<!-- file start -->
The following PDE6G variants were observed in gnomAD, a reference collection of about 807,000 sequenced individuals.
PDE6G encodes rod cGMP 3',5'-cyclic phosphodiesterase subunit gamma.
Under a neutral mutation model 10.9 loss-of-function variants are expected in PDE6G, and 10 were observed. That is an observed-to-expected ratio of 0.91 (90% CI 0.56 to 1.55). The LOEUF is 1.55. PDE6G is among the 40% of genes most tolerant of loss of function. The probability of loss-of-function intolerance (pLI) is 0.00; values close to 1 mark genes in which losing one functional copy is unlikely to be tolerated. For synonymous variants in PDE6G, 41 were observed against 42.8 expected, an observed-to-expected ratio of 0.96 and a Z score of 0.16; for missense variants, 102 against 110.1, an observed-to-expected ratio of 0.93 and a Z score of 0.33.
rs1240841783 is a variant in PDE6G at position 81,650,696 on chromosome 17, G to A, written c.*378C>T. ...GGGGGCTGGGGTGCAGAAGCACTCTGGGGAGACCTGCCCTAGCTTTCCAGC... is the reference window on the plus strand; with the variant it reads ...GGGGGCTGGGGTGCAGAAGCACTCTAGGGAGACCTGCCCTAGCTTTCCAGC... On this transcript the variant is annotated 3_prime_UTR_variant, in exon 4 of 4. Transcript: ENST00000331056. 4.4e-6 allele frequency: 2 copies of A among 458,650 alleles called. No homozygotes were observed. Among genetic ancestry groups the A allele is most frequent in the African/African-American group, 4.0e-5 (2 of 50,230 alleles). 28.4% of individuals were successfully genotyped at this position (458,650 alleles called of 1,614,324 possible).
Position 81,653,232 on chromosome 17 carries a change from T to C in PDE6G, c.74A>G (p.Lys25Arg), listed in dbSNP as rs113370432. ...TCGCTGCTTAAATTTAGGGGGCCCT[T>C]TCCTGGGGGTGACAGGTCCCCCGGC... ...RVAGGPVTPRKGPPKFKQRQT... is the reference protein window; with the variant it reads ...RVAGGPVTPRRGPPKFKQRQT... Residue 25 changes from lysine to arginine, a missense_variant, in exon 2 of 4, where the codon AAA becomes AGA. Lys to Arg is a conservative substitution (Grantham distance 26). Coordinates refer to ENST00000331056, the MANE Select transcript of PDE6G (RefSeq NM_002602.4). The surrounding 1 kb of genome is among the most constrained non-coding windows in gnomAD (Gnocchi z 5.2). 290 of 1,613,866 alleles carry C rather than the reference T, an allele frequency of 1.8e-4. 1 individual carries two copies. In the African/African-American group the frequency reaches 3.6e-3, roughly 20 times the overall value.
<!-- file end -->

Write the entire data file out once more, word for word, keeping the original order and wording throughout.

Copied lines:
The following PDE6G variants were observed in gnomAD, a reference collection of about 807,000 sequenced individuals.
PDE6G encodes rod cGMP 3',5'-cyclic phosphodiesterase subunit gamma.
Under a neutral mutation model 10.9 loss-of-function variants are expected in PDE6G, and 10 were observed. That is an observed-to-expected ratio of 0.91 (90% CI 0.56 to 1.55). The LOEUF is 1.55. PDE6G is among the 40% of genes most tolerant of loss of function. The probability of loss-of-function intolerance (pLI) is 0.00; values close to 1 mark genes in which losing one functional copy is unlikely to be tolerated. For synonymous variants in PDE6G, 41 were observed against 42.8 expected, an observed-to-expected ratio of 0.96 and a Z score of 0.16; for missense variants, 102 against 110.1, an observed-to-expected ratio of 0.93 and a Z score of 0.33.
rs1240841783 is a variant in PDE6G at position 81,650,696 on chromosome 17, G to A, written c.*378C>T. ...GGGGGCTGGGGTGCAGAAGCACTCTGGGGAGACCTGCCCTAGCTTTCCAGC... is the reference window on the plus strand; with the variant it reads ...GGGGGCTGGGGTGCAGAAGCACTCTAGGGAGACCTGCCCTAGCTTTCCAGC... On this transcript the variant is annotated 3_prime_UTR_variant, in exon 4 of 4. Transcript: ENST00000331056. 4.4e-6 allele frequency: 2 copies of A among 458,650 alleles called. No homozygotes were observed. Among genetic ancestry groups the A allele is most frequent in the African/African-American group, 4.0e-5 (2 of 50,230 alleles). 28.4% of individuals were successfully genotyped at this position (458,650 alleles called of 1,614,324 possible).
Position 81,653,232 on chromosome 17 carries a change from T to C in PDE6G, c.74A>G (p.Lys25Arg), listed in dbSNP as rs113370432. ...TCGCTGCTTAAATTTAGGGGGCCCT[T>C]TCCTGGGGGTGACAGGTCCCCCGGC... ...RVAGGPVTPRKGPPKFKQRQT... is the reference protein window; with the variant it reads ...RVAGGPVTPRRGPPKFKQRQT... Residue 25 changes from lysine to arginine, a missense_variant, in exon 2 of 4, where the codon AAA becomes AGA. Lys to Arg is a conservative substitution (Grantham distance 26). Coordinates refer to ENST00000331056, the MANE Select transcript of PDE6G (RefSeq NM_002602.4). The surrounding 1 kb of genome is among the most constrained non-coding windows in gnomAD (Gnocchi z 5.2). 290 of 1,613,866 alleles carry C rather than the reference T, an allele frequency of 1.8e-4. 1 individual carries two copies. In the African/African-American group the frequency reaches 3.6e-3, roughly 20 times the overall value.